You know about my last Democratic Presidency, of course. Everyone knows about that shitshow. It was long, and intense, and although Bill and I had some good times - I'll always be grateful for the deficit - for the most part it was just scandal, scandal, scandal, all the way through. I had to overlook Paula Jones. I had to overlook Gennifer Flowers. It was fucking impossible to overlook Monica Lewinsky, although (sick to say) I tried. I was the very picture of an abused, codependent feminist voter. "I mean, I guess if you looked at these things from an outsider's perspective," I would say, "it might seem like my President is a misogynist with severe impulse control issues who exploits his institutional power in order to seduce or sexually coerce young women, engaging in sexist, demeaning, belittling cigar-in-the-pussy behavior verging on sexual assault, which I would find utterly revolting and unacceptable from any other man on the face of the planet. But you don't know him like I do. He really tries. And he's better than some of the other guys out there." Looking back at myself, all I can say is: YIKES.

I do not intend ever to get back into that place, Barack. I certainly don't intend to go there with you. As far as our Presidency goes, there will be a zero-overlooking policy.

So, Mr. President, here's the sand. I want you to watch me very carefully while I draw this here line in it. I'm going to be generous and say that you haven't crossed it yet, but you are close, very, very close, so close that the outermost grains of it are brushing against your shoe. You need to back away from this line, this line you have not quite crossed, at a speed so great it could break the sound barrier, if my support for you is to continue. Do something to show me you care. Lifting the Global Gag Rule would be a good start. I know this comes across as "needy" and "demanding" and all those other things us chicks are always being warned against - it creates a division in your party! people will be reluctant to ally themselves with you! blah! blah! blah! - but frankly, I'm a little tired of being ignored.

You do not want to cross that line, Mr. President. Hell, as they say, hath no fury like a voter base scorned. You think you had a tough time with Hillary? Just you wait.


A Lady Voter

UPDATE: Again! "Accidentally unoriginal posts" are the new "terrible sex puns" of this blog. Next week it will be "jokes that were old four years ago" and all the posts will be about Zach Braff. In summary, I guess what I am saying is: do not hire me, or consider me a person worthy of your respect. Also, read this. It's good. I guess she broke up with him before I did, but: don't all of your exes sooner or later sound the same?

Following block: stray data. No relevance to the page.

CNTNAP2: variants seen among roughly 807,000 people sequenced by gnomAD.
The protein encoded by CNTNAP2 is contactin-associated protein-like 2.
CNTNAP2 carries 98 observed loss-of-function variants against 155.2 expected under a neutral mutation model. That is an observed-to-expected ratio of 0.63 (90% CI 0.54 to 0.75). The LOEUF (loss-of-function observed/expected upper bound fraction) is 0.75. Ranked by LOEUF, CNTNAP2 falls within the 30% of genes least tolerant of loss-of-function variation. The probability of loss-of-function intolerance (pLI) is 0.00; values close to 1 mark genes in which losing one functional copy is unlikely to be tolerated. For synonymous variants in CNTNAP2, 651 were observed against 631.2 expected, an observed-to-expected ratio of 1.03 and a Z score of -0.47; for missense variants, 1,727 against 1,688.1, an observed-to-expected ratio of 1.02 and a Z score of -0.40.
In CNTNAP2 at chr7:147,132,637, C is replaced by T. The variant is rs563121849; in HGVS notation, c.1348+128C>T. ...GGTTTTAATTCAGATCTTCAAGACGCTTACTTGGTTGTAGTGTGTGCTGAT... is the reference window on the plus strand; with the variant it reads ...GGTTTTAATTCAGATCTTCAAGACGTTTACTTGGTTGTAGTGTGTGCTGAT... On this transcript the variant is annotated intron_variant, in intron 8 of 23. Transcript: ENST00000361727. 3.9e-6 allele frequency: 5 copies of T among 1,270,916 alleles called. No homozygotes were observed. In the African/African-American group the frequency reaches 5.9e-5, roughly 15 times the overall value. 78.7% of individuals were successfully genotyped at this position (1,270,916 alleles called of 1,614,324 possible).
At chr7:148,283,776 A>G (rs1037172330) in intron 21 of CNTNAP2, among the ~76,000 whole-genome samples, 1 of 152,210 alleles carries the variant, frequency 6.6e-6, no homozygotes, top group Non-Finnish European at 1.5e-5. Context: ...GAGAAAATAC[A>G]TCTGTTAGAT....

Wednesday, December 17, 2008

Jim Henson's Racist Babies PRESENTS: Where Are They Now?

For those familiar with the littlest Hitler, Adolf H. Campbell, who seems to exemplify the absolute worst case scenario for every adorable child you have secretly wanted to rescue from his terrifying parents after observing them in a grocery store and just knowing that whatever's going on there can't be any good, the question of whether you should name your child after a genocidal dictator and what the ramifications of that might be are obvious. (Answers: no, killing spree and/or lifelong virgin.) For those familiar with human evil as a whole, however, it also raises the question of whatever happened to those former child stars of white power, Prussian Blue

After extensive research, which comprised up to five seconds of heavy Googling, we have the answer: they became the off-brand, racist version of the Olsen twins. Observe!

Of course, one pair promotes a white nationalist ideology modeled on Nazism and works to exploit and strengthen an undercurrent of violent racism in American society, whereas the other pair is in a band called Prussian Blue. KIDDING. The Olsens never did anything worse than "Full House," and maybe murdering the Joker. Still, it's hard to say which pair is worse. (HINT: it is the racists.)  

UPDATE: Okay, so one thing I hate - apart from the racism - is when I write something and then immediately think, "that seemed easy; surely no-one has made that particular point before, but perhaps I'd better check...?

So, yes, okay, other people may have compared Prussian Blue to the Olsen Twins, but I'll bet none of those people have linked you to Prussian Blue Fan, a blog that appears to be maintained by Prussian Blue itself (themselves?) and contains photos of them hanging out at Natural History museums and getting ready for Homecoming that are somehow even more creepy than the band's official photos because the girls look so very normal and are not even wearing the Smiley Hitler t-shirts to signify that they are the Devil's own spawn. I, unlike those people, will link you to that blog. They don't love you like I love you.